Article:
Can we talk about compost? It’s been on our minds since the first day of spring, and we’re keen on getting people to nerd out and talk dirty with us. Let’s start with what compost is first: organic matter that turns into fortified soil by decaying over time. Worms, bugs, and bacteria help this process along by using the decomposing organic matter for food and, in turn, make the soil replete with nutrients.
These composters need a little starting assistance in the process to keep decomposition running smoothly, but the action required on your part is small. As a matter of fact, compost starter is the stuff that was going in the trash anyway! Carbon and nitrogen-rich starting materials (grass clippings, old newspapers, cardboard, or dried leaves), water, and oxygen are all that’s needed. So, if you’re ready to become a horticultural hero, look over our pros and cons checklist of why gardeners should start composting.
- Soil structure improvement – a starting landscape can be hard-packed, sandy, loamy, or somewhere in between. By improving the texture and granularity of soil, it allows for better nutrient uptake and water retention, which means you get deeper roots and less water runoff*.
- Stable source of plant nutrients – just like the colorful cereal commercials of yesterday (with no added sugar or corporate branding) you can provide a balanced breakfast every day for your plants. Even a top-notch, double-certified-organic fertilizer can’t compete with the broad spectrum of heavy macro and micronutrients one gets from natural compost. Whether plants use a little or a lot, the nutrients you provide help slow soil exhaustion and provide the energy for plants season after season.
- Stimulating soil organisms large and small – Worms are the best neighbors you’ll ever have. They don’t throw midnight parties, never complain about your grass being too high, and chip in free soil aeration to boot. Try getting that from Larry next door who won’t even let you borrow a cup of flour. Microorganisms also love a great compost pile, as they help temper the decomposition rate. Abundant bacteria do most of the heavy chewing in a properly maintained compost heap. They use most of the available carbon and nitrogen to spread their numbers and aid in decomposition. Forget a lab petri dish, you’re making science in your own backyard!
- Exercise turning the pile – Maintaining a consistent turning schedule (every 3-4 days) gets you outside and moving as you adjust the zones in your pile. Besides, gardening gloves are basically weightlifting gloves, so get your reps in and break a sweat!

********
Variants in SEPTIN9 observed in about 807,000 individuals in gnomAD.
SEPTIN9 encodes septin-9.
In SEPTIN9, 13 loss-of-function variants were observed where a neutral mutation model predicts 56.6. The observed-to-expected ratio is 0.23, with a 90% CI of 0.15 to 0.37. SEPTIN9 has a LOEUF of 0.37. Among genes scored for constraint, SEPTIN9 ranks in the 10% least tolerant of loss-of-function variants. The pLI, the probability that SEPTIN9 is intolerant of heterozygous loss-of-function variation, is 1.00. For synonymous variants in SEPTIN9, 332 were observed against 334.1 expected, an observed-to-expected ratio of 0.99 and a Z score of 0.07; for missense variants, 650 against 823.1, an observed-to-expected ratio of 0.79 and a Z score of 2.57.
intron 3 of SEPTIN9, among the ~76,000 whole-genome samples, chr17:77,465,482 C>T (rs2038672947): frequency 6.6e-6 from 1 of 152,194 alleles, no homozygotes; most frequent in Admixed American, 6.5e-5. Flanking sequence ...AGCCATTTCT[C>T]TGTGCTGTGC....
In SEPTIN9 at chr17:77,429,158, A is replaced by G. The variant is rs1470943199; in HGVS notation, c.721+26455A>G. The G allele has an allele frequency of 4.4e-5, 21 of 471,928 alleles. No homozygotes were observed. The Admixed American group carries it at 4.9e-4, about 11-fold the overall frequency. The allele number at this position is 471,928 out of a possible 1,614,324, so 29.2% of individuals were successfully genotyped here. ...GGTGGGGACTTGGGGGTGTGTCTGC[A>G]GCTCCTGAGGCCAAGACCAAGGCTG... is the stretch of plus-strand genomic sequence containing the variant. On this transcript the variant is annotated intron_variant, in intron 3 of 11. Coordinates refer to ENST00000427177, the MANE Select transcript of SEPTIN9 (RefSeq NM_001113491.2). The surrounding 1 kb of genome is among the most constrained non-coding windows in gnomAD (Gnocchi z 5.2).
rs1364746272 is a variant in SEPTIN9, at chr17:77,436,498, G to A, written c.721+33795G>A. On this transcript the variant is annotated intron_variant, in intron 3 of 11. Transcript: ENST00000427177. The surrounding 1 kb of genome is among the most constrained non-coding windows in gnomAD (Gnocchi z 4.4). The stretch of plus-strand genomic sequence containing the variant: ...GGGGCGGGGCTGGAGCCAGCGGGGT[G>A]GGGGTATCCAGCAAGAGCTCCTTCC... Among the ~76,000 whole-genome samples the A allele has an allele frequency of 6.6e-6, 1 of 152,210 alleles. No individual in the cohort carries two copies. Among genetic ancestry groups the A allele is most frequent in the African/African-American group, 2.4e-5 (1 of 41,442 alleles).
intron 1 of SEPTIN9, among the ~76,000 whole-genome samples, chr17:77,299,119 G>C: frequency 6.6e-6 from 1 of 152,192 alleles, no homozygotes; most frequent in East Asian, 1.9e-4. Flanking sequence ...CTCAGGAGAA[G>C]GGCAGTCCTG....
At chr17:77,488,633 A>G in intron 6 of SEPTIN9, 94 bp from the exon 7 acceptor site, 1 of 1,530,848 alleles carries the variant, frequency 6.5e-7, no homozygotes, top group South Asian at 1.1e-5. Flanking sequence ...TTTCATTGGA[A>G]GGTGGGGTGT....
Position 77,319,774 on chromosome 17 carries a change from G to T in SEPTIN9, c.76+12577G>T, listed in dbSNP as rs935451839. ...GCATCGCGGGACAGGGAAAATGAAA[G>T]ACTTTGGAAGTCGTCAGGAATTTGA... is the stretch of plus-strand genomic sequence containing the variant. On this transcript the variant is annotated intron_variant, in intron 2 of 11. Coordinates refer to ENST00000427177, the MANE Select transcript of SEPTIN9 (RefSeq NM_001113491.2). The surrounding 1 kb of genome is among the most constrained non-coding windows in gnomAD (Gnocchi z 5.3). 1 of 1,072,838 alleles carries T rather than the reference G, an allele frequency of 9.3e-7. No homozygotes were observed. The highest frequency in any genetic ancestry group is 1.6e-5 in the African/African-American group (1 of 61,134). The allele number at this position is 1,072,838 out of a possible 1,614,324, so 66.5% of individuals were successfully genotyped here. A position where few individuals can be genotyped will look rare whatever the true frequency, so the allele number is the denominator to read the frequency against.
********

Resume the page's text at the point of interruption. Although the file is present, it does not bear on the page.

- The natural alternative to chemical fertilizers – if it isn’t evident by now, natural composting will save you money and spare the local ecology from chemical fertilizers with ballooning nutrient levels. There may be an increase in the plant yield, but this could lead to soil nutrient exhaustion in the long run.
- You literally get to eat something to help make it – enjoy that banana, apple, or orange twice! When you narrow the scope of what you can do to help the environment, you gain a deeper understanding of how the cycles and systems work. Food waste is just unused energy, so make every scrap count.
*Water runoff can be a nuisance in terms of rinsing unwanted materials into storm drains. For more info on how this affects local and downstream ecology, check out our rain garden blog post
CONS (this is a shorter list, we promise)
- Smells – Wouldn’t you know it, things dying in a pile left in the sun can leave a bit of a funk. However, most of the odor can be regulated by adjusting the balance of the compost (think about dear Goldilocks and her porridge). It is going to take active involvement to make sure the pile isn’t becoming compacted, which can lead to less aeration, or disrupting carbon and nitrogen levels by not properly layering the ingredients.
- Sights – H.O.A. is on your butt again about the eyesore mound at the corner of your house. You’ve tried explaining that you’re a horticultural alchemist making black gold to grow amazing plants for the good of the environment, but they’re not having any of it. Larry probably tattled because he’s jealous.
Greenscape Geeks is an Indianapolis landscaping company that has solutions to set your mind at ease. We’d love to coach you on the correct composting methods like turnover rate, green and brown balance, and zone management in your pile. Plastic compost bins can help tidy up the mess, but if you want a more natural look, Greenscape Geeks offers a composter building service that you can customize to your specific backyard space. We think unfinished wood is passe; we can jazz up the finish using natural alternative stains like coffee, vinegar, and light oils, making it the closest thing to a hot rod that a gardener could want! Patience is vital in waiting on the magical dark earth to come out of the pile, but Greenscape Geeks is happy to pack it full of ready-made compost for you to have a jump start. You’re on the verge of making one of the best decisions for the health of your yard and garden. Let Greenscape Geeks help you follow through with expert guidance and made-to-order compost bins. Check out our service page for requesting an estimate!
Greenscape Geeks, LLC
“Pros and Cons of Composting” Amy Grant and Mary H. Dyer
“The Science of Composting” Univ. of Illinois Extension Center